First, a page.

Letter from John Mills, 1 September 1843

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<​September 1st​> 1843
Brother Joseph Smith <​sir​> I take this way of conveying mind <​my​> mind or wishes to you as a muiltiplisity of business hinders you from hearing me verbaly[.] some time in the summer of 1841 I purchased a fractional lot in of Br and got a deed from you and did not get it recorded immediately for I thought I was perfectly safe and knew no better untill I went to pay my taxes and was greatly disappointed to hear that an other man had a deed of my Lot and it was on record and I made you acquainted with the circumstance and you told to look me out another Lot that would suit me as well and cited me to a Lot where Mr. [John] Tidwell lives and I asked him a half acre in exchange for mine and he refused untill he could see you and I waited a while and went to him again and he said you gave him no satisfaction as you was huried with business and he told me to go to you myself and I accordingly did and you gave me no better satisfaction and now if I can get another Lot I would like to get it and build on it so as to move in to as soon as I can for I feel as if I lived on the half breed land, I will tell you <​my​> reasons for neglecting to get my deed on record
I Joined the church of Latter day saints in and was posessed of about 1500 dollars of money and property and was directed that the [p. [1]] order of the church was to consecrate the properties for the benefit of the church and the helping the poor to Zion and I partly bore the expense of twenty two or three persons from to starting in February and traveling in the spring season of the year and bad roads and got to when the trouble was there and from thence to though while at I sent the remains of my money down the for flour and we had to leave before it returned and when I got to I found business frustrated in such a manner that every person had to look out for themselves and I went eight miles south of <​and​> purchased an imbeterment on a piece of congress land and turned out my wagon and horses to the value of 200 hundred dollars for my self and family was all sick with the Ague and Fever and was obliged to do so for the sake of the crops to subsist on and I thought I could purchase the land of Congress and I would have me a small farm and I lost it and was oblige to mak[e] me a wooden wagon to come to with and when I came to I thought I could not pay for a lot and support my family and I came over in and bought an 80 acres of half breed interest and after I had bought I was at a conference when you compared us on <​in​> to the rich man and in to the poor man and the to the gulf and I [p. [2]] was determined to stop there no longer than till I could get away and I went to and bought me that small Lot and I thought I would have built a house on it before now but I have met with several misfortunes Stephen H Burtes got in my debt 200 dollars and took the insolvent Oath and Nelson McKarty of got in my debt about 65 dollars and took the insolvent Oath which was 265 dollars besides other small sums and if I got a dollar I had so many ways for it that I neglected my deed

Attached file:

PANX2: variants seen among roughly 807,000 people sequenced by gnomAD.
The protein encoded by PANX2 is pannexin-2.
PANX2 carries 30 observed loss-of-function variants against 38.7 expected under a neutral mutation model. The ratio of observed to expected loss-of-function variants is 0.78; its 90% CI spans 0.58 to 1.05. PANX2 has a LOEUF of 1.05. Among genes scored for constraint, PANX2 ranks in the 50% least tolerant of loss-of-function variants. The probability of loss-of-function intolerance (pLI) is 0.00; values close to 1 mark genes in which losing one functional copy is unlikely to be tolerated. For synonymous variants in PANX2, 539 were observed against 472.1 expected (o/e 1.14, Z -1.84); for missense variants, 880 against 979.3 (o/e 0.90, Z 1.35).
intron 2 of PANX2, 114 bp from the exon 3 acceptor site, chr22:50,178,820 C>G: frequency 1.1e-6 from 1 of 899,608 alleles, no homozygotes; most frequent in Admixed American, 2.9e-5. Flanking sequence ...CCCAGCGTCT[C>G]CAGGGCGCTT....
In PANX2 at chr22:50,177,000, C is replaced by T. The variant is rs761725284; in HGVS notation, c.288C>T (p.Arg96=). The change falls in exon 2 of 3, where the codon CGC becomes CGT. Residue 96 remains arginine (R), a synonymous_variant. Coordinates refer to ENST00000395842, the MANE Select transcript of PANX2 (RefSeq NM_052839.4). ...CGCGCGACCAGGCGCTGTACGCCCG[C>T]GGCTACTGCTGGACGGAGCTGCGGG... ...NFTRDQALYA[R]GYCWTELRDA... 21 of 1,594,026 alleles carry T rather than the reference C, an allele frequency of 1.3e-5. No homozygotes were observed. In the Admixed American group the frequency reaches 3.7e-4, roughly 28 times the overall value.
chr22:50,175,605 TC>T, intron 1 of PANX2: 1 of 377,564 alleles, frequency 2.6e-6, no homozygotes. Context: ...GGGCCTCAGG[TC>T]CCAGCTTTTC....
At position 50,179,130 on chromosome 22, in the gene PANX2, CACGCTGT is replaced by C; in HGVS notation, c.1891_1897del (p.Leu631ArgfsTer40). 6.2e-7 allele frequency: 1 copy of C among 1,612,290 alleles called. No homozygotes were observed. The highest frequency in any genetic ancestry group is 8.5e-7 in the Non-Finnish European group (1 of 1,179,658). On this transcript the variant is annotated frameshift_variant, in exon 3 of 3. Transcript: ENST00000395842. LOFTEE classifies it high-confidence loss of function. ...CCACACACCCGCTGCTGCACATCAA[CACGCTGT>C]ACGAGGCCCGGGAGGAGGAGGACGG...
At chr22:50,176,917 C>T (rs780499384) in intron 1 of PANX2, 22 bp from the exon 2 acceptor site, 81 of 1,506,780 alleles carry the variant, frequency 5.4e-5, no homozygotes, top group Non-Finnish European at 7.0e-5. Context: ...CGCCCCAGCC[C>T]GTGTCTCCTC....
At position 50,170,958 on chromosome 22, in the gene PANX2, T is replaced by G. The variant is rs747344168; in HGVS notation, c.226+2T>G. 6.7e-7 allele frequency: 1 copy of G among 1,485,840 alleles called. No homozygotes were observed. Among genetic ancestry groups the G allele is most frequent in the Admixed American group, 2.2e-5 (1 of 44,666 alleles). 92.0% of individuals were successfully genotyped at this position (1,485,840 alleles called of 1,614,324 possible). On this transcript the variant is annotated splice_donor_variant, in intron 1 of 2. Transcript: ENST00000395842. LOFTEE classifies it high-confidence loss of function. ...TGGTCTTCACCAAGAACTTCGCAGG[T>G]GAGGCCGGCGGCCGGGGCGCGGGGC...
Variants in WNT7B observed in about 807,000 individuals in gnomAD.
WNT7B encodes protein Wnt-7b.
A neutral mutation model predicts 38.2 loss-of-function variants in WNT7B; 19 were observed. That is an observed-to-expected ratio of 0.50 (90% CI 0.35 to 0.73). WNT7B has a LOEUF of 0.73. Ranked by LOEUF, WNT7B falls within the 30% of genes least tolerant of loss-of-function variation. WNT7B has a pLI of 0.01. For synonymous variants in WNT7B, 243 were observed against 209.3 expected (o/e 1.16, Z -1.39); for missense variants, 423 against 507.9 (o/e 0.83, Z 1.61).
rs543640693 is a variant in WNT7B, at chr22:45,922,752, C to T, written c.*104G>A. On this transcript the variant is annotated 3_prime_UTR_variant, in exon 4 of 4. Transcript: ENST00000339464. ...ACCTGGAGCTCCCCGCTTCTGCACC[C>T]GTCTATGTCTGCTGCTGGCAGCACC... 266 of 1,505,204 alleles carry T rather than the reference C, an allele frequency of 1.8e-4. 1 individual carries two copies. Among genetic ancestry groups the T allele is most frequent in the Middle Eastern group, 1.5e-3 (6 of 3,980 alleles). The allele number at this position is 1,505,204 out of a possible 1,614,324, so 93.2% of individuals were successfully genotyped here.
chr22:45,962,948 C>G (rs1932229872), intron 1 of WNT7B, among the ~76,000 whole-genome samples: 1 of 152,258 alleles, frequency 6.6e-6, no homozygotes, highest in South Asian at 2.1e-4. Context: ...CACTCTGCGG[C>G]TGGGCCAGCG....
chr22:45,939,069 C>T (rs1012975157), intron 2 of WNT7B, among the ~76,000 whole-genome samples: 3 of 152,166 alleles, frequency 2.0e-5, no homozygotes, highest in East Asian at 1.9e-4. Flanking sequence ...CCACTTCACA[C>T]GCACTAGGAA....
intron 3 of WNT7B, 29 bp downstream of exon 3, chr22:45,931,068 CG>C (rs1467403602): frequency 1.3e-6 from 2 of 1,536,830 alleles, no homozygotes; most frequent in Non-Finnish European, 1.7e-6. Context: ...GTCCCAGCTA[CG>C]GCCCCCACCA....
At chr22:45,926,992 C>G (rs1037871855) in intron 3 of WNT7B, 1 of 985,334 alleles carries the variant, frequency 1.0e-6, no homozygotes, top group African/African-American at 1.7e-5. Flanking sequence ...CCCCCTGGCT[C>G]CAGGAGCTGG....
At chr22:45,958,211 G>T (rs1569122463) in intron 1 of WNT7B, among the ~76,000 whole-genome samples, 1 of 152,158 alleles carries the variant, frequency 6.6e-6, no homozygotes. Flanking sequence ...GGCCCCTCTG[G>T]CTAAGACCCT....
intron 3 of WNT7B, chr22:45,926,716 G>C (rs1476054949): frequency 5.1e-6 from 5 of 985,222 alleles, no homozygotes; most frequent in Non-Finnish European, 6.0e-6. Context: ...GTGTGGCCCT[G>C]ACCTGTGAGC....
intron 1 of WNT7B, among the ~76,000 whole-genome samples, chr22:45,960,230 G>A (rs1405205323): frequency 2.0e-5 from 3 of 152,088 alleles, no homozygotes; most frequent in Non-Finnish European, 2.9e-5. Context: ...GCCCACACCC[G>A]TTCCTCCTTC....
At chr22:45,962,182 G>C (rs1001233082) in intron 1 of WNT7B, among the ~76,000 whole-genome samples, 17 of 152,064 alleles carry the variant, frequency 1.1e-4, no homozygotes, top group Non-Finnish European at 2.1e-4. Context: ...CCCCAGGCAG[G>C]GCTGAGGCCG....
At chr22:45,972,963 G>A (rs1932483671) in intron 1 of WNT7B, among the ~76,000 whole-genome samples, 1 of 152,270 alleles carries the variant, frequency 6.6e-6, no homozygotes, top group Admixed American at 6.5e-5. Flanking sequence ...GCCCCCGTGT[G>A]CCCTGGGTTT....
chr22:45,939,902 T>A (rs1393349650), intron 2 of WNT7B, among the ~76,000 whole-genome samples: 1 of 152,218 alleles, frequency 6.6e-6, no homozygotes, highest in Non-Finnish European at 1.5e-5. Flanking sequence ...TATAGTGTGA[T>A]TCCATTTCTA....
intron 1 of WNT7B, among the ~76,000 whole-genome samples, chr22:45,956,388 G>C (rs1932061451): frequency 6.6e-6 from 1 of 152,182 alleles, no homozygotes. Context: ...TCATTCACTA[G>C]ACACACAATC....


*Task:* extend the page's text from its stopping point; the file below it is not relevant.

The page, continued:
In short I have worked hard and lived poor and destitute and now <​I​> appeal to your honor to know if I must loose my lot also
I truly remain your Obedient servent
John Mills
As a Witness to the above facts I site you to Elder and family of [p. [3]]
to Mr Joseph Smith Senr
of Illinois
 
Jno Mills
Sep 1st. 1843

Footnotes

  1. new scribe logo

    Docket in handwriting of William Clayton.